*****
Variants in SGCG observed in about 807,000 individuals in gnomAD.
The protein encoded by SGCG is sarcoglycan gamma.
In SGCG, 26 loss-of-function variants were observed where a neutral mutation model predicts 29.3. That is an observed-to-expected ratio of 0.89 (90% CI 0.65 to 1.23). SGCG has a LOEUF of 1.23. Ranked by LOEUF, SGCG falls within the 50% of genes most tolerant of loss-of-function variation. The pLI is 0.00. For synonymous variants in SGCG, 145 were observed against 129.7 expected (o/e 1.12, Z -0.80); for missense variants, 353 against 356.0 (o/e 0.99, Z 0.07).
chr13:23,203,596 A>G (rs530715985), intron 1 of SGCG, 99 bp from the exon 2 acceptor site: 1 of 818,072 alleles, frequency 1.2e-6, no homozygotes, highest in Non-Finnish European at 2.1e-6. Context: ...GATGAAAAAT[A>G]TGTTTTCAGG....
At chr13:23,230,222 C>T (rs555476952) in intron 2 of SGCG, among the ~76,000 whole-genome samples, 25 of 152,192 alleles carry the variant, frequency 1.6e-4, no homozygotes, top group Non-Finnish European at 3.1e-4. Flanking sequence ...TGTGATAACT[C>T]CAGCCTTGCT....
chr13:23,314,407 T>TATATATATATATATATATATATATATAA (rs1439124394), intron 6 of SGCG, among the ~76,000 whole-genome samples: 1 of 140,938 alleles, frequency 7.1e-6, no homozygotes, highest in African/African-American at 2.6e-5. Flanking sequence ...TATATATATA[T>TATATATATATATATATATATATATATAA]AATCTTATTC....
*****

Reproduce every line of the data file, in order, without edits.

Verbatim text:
Variants in SGCG observed in about 807,000 individuals in gnomAD.
The protein encoded by SGCG is sarcoglycan gamma.
In SGCG, 26 loss-of-function variants were observed where a neutral mutation model predicts 29.3. That is an observed-to-expected ratio of 0.89 (90% CI 0.65 to 1.23). SGCG has a LOEUF of 1.23. Ranked by LOEUF, SGCG falls within the 50% of genes most tolerant of loss-of-function variation. The pLI is 0.00. For synonymous variants in SGCG, 145 were observed against 129.7 expected (o/e 1.12, Z -0.80); for missense variants, 353 against 356.0 (o/e 0.99, Z 0.07).
chr13:23,203,596 A>G (rs530715985), intron 1 of SGCG, 99 bp from the exon 2 acceptor site: 1 of 818,072 alleles, frequency 1.2e-6, no homozygotes, highest in Non-Finnish European at 2.1e-6. Context: ...GATGAAAAAT[A>G]TGTTTTCAGG....
At chr13:23,230,222 C>T (rs555476952) in intron 2 of SGCG, among the ~76,000 whole-genome samples, 25 of 152,192 alleles carry the variant, frequency 1.6e-4, no homozygotes, top group Non-Finnish European at 3.1e-4. Flanking sequence ...TGTGATAACT[C>T]CAGCCTTGCT....
chr13:23,314,407 T>TATATATATATATATATATATATATATAA (rs1439124394), intron 6 of SGCG, among the ~76,000 whole-genome samples: 1 of 140,938 alleles, frequency 7.1e-6, no homozygotes, highest in African/African-American at 2.6e-5. Flanking sequence ...TATATATATA[T>TATATATATATATATATATATATATATAA]AATCTTATTC....